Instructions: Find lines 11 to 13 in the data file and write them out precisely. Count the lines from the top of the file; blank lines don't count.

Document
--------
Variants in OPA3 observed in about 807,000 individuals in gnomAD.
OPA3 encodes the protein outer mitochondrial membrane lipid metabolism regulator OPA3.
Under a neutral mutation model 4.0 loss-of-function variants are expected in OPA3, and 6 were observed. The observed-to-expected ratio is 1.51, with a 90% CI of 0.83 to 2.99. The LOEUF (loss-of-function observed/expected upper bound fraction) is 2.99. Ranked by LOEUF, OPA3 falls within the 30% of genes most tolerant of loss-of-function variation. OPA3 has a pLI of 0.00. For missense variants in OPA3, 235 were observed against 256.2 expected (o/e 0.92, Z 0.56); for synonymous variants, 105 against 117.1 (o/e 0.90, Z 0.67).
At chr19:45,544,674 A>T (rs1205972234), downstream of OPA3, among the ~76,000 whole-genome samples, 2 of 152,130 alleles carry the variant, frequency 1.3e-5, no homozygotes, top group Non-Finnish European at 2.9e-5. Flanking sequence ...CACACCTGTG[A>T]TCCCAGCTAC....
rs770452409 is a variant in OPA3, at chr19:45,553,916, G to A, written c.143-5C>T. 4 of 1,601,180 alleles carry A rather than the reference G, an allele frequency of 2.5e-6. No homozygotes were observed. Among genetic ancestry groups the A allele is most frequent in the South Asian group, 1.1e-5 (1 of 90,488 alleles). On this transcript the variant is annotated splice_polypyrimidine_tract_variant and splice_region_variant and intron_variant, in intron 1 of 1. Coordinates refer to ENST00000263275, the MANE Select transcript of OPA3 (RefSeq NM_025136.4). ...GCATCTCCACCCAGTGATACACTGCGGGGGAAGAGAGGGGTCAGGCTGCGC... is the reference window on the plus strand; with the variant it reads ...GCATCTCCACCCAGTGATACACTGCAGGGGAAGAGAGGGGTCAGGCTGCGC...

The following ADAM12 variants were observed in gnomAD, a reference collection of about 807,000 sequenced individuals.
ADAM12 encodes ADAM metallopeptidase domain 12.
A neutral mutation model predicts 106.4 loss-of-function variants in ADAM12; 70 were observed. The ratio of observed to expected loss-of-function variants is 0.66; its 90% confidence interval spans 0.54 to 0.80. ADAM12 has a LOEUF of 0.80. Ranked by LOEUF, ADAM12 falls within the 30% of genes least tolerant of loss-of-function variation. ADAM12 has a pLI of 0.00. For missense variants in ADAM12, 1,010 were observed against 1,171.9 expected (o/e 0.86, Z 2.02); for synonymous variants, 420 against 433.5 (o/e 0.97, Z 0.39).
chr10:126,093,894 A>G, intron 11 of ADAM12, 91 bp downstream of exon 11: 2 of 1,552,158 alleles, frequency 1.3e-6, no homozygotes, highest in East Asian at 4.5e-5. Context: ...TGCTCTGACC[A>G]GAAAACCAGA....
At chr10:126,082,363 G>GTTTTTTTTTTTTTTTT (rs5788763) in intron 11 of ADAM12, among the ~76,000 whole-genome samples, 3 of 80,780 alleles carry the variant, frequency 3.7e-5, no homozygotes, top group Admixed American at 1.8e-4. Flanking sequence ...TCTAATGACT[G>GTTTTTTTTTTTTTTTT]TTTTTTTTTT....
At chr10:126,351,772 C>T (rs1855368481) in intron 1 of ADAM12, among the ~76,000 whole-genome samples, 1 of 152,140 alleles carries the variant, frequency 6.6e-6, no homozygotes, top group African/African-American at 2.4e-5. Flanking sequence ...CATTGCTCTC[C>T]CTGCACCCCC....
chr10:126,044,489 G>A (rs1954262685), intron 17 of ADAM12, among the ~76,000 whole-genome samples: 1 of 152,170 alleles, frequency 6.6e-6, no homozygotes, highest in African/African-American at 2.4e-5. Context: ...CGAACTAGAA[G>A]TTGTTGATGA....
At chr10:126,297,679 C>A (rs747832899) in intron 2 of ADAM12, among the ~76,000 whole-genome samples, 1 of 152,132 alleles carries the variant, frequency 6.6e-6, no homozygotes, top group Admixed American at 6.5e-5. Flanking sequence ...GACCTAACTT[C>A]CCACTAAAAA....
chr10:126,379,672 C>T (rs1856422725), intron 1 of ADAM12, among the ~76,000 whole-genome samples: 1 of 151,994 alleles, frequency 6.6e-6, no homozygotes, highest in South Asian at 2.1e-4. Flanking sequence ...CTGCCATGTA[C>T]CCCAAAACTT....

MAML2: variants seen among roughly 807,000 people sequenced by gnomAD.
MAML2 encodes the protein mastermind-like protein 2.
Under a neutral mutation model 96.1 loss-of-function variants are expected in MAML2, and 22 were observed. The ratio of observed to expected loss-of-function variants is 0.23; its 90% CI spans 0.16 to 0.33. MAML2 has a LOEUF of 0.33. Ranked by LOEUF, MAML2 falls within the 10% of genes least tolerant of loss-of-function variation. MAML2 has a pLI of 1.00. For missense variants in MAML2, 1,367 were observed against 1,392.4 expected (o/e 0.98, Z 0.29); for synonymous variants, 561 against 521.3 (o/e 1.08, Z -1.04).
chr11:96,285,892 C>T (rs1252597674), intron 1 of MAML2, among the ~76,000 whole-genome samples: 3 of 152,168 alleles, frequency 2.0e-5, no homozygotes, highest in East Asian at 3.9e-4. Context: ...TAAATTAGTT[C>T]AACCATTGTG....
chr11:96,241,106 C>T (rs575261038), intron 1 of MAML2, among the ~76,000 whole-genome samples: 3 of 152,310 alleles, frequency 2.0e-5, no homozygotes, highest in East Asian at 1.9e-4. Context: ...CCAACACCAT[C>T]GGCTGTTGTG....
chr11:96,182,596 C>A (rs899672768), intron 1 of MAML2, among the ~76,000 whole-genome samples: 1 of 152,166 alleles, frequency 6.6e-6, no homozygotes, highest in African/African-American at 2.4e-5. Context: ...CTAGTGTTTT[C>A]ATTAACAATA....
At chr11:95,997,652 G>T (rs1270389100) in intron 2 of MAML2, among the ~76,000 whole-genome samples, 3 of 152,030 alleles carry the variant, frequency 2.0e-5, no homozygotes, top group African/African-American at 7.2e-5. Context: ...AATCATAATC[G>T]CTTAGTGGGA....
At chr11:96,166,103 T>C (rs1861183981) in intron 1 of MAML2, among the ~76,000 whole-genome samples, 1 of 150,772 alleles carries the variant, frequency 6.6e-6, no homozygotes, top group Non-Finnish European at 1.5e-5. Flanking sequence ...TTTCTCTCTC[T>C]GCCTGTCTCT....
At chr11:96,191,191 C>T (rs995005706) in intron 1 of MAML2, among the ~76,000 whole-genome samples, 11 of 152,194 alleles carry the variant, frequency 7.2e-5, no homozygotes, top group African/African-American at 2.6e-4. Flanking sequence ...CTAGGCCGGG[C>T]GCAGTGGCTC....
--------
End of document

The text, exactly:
At chr10:126,351,772 C>T (rs1855368481) in intron 1 of ADAM12, among the ~76,000 whole-genome samples, 1 of 152,140 alleles carries the variant, frequency 6.6e-6, no homozygotes, top group African/African-American at 2.4e-5. Flanking sequence ...CATTGCTCTC[C>T]CTGCACCCCC....
chr10:126,044,489 G>A (rs1954262685), intron 17 of ADAM12, among the ~76,000 whole-genome samples: 1 of 152,170 alleles, frequency 6.6e-6, no homozygotes, highest in African/African-American at 2.4e-5. Context: ...CGAACTAGAA[G>A]TTGTTGATGA....
At chr10:126,297,679 C>A (rs747832899) in intron 2 of ADAM12, among the ~76,000 whole-genome samples, 1 of 152,132 alleles carries the variant, frequency 6.6e-6, no homozygotes, top group Admixed American at 6.5e-5. Flanking sequence ...GACCTAACTT[C>A]CCACTAAAAA....